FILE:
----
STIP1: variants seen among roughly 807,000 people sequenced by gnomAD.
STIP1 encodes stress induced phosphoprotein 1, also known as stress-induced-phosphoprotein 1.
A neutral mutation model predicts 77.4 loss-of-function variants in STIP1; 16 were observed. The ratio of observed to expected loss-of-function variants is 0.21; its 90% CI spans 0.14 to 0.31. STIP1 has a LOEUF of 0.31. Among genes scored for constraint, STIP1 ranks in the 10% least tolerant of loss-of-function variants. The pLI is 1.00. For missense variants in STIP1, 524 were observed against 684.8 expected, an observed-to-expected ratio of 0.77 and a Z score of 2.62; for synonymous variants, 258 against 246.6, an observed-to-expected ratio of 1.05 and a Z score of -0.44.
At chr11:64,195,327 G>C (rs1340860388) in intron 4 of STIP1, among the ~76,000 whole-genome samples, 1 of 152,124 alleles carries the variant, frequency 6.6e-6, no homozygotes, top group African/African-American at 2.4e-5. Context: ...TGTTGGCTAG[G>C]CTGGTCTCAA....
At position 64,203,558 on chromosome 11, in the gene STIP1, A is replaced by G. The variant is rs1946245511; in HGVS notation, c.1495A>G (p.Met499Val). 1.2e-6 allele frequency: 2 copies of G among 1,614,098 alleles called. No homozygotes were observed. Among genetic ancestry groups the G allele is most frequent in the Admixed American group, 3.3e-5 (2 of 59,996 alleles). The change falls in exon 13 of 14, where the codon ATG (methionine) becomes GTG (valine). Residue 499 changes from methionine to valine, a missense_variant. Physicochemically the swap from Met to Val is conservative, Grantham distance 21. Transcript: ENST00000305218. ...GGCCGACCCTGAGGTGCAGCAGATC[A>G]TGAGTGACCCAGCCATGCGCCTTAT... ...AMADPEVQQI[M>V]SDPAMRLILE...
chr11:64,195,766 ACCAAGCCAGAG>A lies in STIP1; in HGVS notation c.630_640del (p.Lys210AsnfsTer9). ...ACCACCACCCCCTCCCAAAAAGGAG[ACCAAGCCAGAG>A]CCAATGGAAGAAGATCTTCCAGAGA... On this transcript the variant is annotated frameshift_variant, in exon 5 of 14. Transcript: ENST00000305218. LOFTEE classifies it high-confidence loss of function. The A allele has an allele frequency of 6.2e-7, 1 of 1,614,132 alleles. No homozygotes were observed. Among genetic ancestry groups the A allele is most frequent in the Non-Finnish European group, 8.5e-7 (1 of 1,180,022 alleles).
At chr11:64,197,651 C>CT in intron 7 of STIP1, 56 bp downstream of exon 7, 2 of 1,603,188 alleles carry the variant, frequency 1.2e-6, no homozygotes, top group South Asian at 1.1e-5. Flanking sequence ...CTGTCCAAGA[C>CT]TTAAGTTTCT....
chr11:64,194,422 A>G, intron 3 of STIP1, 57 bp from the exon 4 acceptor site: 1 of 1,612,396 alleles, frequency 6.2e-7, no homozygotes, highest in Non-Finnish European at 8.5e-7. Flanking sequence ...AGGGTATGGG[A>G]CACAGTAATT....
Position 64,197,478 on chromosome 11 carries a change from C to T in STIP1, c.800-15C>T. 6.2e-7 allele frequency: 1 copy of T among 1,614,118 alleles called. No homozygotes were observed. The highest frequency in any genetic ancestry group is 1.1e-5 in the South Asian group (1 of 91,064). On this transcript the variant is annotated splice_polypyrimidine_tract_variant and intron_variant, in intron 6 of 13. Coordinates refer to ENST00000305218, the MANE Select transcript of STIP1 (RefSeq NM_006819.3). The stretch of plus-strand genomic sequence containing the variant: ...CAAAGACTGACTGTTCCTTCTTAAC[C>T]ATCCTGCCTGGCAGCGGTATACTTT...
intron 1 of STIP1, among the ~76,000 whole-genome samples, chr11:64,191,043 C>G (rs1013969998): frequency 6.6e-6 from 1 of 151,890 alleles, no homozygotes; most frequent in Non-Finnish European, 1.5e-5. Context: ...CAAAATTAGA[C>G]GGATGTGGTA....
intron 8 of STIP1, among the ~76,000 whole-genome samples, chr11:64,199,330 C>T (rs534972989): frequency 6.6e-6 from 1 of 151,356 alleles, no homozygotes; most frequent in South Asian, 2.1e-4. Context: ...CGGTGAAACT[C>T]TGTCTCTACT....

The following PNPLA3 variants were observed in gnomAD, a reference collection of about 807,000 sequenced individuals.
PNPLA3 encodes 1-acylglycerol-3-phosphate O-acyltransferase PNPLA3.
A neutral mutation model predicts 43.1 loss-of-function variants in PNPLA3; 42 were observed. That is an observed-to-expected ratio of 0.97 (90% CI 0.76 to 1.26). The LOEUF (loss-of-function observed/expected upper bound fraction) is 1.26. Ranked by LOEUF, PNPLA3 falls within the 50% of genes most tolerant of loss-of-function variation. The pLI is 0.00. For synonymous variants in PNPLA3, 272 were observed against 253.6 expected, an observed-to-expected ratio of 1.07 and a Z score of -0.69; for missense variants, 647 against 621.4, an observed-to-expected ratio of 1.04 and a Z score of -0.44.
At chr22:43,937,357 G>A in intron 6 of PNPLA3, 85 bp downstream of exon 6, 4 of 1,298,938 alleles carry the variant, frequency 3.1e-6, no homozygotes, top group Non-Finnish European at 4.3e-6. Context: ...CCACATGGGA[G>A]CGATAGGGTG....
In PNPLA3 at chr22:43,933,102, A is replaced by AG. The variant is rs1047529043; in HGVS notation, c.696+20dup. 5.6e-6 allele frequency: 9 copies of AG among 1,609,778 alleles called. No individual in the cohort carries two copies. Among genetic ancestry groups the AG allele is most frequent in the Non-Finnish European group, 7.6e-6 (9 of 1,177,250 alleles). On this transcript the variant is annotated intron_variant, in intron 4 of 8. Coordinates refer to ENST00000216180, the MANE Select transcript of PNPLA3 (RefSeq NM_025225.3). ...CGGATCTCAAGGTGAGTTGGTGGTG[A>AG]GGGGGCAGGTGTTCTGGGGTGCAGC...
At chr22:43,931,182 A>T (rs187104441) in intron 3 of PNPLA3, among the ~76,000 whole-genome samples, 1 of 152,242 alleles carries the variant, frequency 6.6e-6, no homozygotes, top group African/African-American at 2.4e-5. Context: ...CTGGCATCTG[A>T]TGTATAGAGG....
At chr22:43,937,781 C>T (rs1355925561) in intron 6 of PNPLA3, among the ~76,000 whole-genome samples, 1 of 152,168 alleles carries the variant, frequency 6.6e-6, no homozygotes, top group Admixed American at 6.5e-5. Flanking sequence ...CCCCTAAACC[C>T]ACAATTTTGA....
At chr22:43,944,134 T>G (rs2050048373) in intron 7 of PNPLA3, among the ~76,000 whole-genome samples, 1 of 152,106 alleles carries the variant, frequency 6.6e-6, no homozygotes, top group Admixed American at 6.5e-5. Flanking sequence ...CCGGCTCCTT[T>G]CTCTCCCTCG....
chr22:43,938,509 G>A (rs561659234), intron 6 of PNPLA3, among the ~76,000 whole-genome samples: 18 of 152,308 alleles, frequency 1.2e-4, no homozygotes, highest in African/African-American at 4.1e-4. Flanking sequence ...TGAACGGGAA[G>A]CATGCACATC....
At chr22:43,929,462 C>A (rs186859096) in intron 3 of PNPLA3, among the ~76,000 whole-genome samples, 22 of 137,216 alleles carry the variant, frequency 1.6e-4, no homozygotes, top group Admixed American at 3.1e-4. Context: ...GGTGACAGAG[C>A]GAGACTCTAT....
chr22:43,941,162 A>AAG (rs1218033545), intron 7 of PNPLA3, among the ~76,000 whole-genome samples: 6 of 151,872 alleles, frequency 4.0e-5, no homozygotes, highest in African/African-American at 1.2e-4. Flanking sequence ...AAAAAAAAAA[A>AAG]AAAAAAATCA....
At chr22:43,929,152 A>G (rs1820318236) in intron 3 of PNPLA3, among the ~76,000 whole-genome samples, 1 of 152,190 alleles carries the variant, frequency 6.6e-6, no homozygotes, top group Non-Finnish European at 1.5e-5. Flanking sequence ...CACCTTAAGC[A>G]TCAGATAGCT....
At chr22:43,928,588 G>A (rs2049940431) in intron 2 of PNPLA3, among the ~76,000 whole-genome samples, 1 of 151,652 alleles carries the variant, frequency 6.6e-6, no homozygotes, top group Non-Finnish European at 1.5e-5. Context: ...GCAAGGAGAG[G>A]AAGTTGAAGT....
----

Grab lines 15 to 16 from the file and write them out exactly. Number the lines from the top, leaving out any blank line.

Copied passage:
At chr22:43,937,357 G>A in intron 6 of PNPLA3, 85 bp downstream of exon 6, 4 of 1,298,938 alleles carry the variant, frequency 3.1e-6, no homozygotes, top group Non-Finnish European at 4.3e-6. Context: ...CCACATGGGA[G>A]CGATAGGGTG....
In PNPLA3 at chr22:43,933,102, A is replaced by AG. The variant is rs1047529043; in HGVS notation, c.696+20dup. 5.6e-6 allele frequency: 9 copies of AG among 1,609,778 alleles called. No individual in the cohort carries two copies. Among genetic ancestry groups the AG allele is most frequent in the Non-Finnish European group, 7.6e-6 (9 of 1,177,250 alleles). On this transcript the variant is annotated intron_variant, in intron 4 of 8. Coordinates refer to ENST00000216180, the MANE Select transcript of PNPLA3 (RefSeq NM_025225.3). ...CGGATCTCAAGGTGAGTTGGTGGTG[A>AG]GGGGGCAGGTGTTCTGGGGTGCAGC...